They range in age from 18 to 45. One is a scholar. One is a teen organizer. One is a district director for a county supervisor. One is attempting to influence Santa Rosa Junior College through its student government. And one is seeking to empower the community through art and environmental education.
Meet five emerging leaders in Sonoma County’s Latino community.
Mariana Garcia Martinez
Role: research coordinator, McNair Scholars Program at Sonoma State University’s Office of Undergraduate Research and Creative Experiences; lecturer, SSU’s Department of Chicano and Latino Studies.
Why she is an emerging leader: I see myself more like a transformative agent. I am deeply engaged in transforming educational institutions so that there is more access to equitable schools and culturally relevant curriculum that meets the needs of a changing demographic.
I realized that change and transformation needed to occur at higher levels, or better yet, in different spaces, including institutions of higher education. As such, I pursued a Ph.D. in Education Policy, Organization and Leadership, that I successfully defended in March and will be conferred this May.
As a Ph.D., I am now part of the less than 1 percent of Latinas and Latinos in the country to hold the highest level of educational attainment, something I see as both a privilege and a great responsibility.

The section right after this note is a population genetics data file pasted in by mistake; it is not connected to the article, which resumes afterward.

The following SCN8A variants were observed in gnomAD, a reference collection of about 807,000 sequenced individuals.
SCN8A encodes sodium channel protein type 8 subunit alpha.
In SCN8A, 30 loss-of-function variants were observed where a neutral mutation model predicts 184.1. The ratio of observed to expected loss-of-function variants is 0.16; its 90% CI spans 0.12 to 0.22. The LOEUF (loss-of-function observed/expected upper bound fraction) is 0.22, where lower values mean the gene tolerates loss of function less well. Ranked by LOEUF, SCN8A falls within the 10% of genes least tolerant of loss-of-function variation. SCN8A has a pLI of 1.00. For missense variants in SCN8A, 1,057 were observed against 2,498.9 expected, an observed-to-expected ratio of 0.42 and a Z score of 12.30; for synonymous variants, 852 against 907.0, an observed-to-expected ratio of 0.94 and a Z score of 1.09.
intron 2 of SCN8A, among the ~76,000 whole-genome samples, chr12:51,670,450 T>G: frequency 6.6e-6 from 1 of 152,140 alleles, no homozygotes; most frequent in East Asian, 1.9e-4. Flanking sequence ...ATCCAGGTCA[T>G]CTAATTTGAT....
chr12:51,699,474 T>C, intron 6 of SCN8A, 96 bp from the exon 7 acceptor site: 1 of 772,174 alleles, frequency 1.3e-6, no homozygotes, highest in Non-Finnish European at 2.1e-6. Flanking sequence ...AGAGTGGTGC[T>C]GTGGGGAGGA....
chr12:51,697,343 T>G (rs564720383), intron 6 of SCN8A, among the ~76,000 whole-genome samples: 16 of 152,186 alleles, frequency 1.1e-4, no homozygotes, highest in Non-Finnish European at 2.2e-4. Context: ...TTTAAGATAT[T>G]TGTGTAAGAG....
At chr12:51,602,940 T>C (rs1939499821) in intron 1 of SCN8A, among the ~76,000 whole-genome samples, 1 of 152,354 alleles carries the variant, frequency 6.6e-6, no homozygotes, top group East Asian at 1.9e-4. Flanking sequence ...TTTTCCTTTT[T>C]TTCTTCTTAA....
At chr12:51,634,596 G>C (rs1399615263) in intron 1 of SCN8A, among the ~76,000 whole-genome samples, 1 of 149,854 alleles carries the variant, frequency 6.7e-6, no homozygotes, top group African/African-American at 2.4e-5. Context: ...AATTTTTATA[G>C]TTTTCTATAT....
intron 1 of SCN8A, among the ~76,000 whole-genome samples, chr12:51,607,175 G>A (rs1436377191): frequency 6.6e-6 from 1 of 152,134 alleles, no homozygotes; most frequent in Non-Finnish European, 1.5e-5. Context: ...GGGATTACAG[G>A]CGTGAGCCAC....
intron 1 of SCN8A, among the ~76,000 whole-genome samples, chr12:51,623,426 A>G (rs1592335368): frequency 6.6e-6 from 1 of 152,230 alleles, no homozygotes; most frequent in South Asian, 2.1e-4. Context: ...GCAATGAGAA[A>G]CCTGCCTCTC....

I’ve learned firsthand successful strategies to navigate a sometimes unwelcoming space — the academy as we often call it — and came out on the other end with a degree in hand. I see my role as a mover, as someone that guides and supports children and young adults onto the next step of their educational journey. Through my training as a researcher, I am a stronger advocate for educational equity, in particular for the Latino community.
Next year, I am working with the Department of Chicano and Latino Studies to establish a center for research and resources, and to continue to increase the number of Latina and Latino students graduating college.
Role model: The person I look up to the most is my mother, Martha. She risked everything by moving to the U.S., with limited English, and no secured employment. Twenty years or so later and she has accomplished a lot. She argues that she does not speak English well, yet she managed to buy a home and owns her own car. She has taught me that neither my gender nor race/ethnicity will dictate my future. Yes, there are a multiple obstacles and challenges that I have and will continue to face, but I should not let being a woman nor a Latina stop me from overcoming them. This type of mentality on her end is what gives me drive.
Favorite quote: “I write to record what others erase when I speak, to rewrite the stories others have miswritten about me, about you.” — Gloria Anzalúa.
Role: founder and executive director at Raizes Collective, a nonprofit group that seeks to empower people through art, culture and environmental education.
Why she is an emerging leader: We are living in a time when the fight for equity in all areas of life for disadvantaged people is still at the forefront of many communities. It is especially true in California, which, according to the latest Census Bureau report, is both the wealthiest state and has the highest poverty rate in the country.